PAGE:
Integrating a sovereign wealth fund (SWF) into total sovereign assets and liabilities, instead of focusing on SWF asset allocation in isolation, will impact optimal sovereign asset management, according to new research by the EDHEC-Risk Institute.The paper, An Integrated Approach to Sovereign Wealth Risk Management, examines the implications of moving from a SWF-centric framework to an asset-liability approach integrating sovereign assets and liabilities.
This approach “uniquely incorporates the economic balance sheet of the sovereign sponsor into the optimal asset allocation problem of the sovereign wealth fund, in a way that is similar to recent advances in corporate pension fund investing, that consider the fund an integral part of the corporate balance sheet and jointly analyse capital structure and pension fund allocation choices,” the paper states.
Importantly, it makes economic leverage an integral part of the SWF optimal asset allocation problem.
According to director of the EDHEC-Risk Institute in Asia, Frederic Ducoulombier, this offers interesting insights into optimal asset allocation given different drivers of economic risk and sheds light on the impact of sovereign leverage – determined by the ratio of existing debt and contingent liabilities to foreign reserves and sovereign assets – on optimal investment choices.
The paper, written by Bernd Scherer, professor of finance at EDHEC business school, looks at the impact on asset allocation of moving from an SWF-centric framework to an asset-liability approach integrating sovereign liabilities.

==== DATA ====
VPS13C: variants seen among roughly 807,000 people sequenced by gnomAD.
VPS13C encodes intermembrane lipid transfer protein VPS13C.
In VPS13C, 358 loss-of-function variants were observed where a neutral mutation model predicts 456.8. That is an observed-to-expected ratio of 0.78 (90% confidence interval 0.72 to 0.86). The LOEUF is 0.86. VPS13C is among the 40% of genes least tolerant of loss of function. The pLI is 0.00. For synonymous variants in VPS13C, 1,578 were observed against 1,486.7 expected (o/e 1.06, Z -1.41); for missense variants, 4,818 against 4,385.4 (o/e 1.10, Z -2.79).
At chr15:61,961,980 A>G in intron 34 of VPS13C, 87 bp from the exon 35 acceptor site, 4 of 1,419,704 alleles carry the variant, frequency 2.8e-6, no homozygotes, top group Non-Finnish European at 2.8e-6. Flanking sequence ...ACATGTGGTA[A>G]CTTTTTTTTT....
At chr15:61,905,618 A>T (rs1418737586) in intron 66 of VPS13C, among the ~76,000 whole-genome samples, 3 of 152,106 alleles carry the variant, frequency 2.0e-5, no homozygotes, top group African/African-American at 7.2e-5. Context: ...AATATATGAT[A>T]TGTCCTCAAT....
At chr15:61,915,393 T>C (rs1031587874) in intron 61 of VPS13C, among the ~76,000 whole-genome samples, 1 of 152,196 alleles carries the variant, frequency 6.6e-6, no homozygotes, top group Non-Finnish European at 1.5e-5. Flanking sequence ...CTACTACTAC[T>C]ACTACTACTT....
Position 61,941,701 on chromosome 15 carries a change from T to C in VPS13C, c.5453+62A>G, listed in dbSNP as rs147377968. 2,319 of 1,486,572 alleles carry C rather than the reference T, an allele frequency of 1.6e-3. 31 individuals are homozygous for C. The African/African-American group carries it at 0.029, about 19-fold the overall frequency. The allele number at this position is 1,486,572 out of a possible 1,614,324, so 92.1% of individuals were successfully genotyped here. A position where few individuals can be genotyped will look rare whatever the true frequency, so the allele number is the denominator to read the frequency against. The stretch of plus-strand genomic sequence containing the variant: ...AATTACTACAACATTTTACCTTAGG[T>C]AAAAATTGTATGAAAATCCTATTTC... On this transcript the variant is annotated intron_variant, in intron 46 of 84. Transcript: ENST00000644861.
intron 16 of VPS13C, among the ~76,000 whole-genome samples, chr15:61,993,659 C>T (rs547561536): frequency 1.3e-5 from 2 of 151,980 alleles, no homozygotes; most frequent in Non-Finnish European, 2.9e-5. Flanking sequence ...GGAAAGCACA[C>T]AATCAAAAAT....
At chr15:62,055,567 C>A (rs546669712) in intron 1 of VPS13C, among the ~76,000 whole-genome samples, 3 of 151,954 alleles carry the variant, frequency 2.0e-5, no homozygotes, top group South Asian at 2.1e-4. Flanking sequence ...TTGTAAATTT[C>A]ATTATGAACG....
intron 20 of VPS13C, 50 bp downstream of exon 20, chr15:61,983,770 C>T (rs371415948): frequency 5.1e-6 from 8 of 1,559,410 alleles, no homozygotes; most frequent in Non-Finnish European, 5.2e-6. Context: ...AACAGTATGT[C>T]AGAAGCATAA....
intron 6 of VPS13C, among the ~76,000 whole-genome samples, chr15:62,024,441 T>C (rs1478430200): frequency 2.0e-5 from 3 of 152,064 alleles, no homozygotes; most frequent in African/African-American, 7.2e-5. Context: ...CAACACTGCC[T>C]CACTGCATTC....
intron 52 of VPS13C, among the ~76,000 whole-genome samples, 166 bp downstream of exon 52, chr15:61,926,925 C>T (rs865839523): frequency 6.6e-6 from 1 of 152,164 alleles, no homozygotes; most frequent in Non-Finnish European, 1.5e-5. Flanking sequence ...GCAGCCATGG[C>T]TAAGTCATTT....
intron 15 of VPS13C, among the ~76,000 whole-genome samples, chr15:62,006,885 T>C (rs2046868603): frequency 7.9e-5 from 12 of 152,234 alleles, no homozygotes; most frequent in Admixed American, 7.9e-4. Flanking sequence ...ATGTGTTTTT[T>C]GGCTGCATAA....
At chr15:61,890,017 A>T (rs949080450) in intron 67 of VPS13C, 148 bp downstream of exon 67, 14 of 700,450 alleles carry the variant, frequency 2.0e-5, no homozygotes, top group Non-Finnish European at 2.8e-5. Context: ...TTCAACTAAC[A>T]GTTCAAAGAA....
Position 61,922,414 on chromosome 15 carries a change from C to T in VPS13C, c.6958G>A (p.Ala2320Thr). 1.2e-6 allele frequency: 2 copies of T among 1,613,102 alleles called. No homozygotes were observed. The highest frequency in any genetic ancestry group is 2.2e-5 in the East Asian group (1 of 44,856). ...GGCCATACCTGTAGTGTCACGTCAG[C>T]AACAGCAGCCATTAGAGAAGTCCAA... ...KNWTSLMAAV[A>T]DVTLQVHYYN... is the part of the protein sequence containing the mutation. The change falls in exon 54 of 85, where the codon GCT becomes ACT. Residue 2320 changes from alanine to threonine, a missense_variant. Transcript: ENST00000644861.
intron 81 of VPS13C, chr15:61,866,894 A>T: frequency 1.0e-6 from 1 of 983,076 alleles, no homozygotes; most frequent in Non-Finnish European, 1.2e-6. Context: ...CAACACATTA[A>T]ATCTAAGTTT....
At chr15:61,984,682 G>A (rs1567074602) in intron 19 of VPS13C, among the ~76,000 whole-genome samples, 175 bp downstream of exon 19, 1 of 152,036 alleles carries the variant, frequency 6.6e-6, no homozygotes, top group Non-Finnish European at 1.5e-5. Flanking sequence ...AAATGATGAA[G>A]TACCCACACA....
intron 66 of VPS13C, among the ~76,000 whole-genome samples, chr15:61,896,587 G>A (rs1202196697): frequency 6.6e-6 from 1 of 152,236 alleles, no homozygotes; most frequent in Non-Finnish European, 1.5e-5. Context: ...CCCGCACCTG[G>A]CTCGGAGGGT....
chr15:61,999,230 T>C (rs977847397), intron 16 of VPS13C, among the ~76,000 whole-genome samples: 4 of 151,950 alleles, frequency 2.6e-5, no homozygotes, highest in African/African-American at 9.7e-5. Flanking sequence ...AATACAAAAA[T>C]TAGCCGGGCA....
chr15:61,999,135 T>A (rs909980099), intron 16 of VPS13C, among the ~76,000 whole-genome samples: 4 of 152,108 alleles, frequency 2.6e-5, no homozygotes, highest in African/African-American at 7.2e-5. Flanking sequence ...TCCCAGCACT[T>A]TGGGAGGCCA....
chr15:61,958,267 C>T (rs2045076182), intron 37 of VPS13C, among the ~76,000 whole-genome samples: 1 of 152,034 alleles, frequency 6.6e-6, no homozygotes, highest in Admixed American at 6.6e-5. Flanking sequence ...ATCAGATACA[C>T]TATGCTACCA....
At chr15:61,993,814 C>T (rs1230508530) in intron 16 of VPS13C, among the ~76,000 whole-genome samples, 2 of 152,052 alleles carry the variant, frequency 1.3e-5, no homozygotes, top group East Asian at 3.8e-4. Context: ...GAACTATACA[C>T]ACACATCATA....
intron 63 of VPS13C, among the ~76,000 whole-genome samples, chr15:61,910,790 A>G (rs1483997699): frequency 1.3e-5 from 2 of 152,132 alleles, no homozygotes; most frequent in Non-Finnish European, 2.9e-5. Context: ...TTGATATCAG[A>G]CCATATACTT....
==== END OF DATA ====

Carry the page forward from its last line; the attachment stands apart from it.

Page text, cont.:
So instead of focusing on SWF assets and liabilities in isolation, the SWF is now integrated into total sovereign assets and liabilities. It argues that the size of local and foreign-currency denominated debt, relative to foreign reserves and sovereign assets will, for example, determine sovereign leverage and is expected to have a material impact on optimal sovereign asset management.
The paper acknowledges that from a bottom-up view of a SWF portfolio manager it could be argued a SWF lacks dedicated liabilities, but from a top-down view of a sovereign risk manager it does.
“In the past asset allocation for sovereign wealth funds has focused predominantly on optimal portfolio choice with non-tradeable wealth. Within that framework they allocate to a combination of minimum-variance portfolio, speculative demand portfolio, and hedging-demand portfolio,” the paper says.
By incorporating SWF asset allocation into a more holistic framework, the paper shows that economic leverage will reduce speculative demand but leave hedging policies set against fluctuations in the net fiscal position of the sovereign state unchanged.
It also shows that allowing for optimal dynamic decision-making will increase the amount of equity risk a SWF can take.
Finally, it concludes that narrow tactical asset allocation ranges limit the SWF’s ability to manage its risks.
The paper forms part of the EDHEC-Deutsche Bank research chair on asset liability management techniques for sovereign wealth fund management. Under the responsibility of the scientific director of EDHEC-Risk Institute, Lionel Martellini, this chair examines the optimal allocation policies for sovereign wealth funds.
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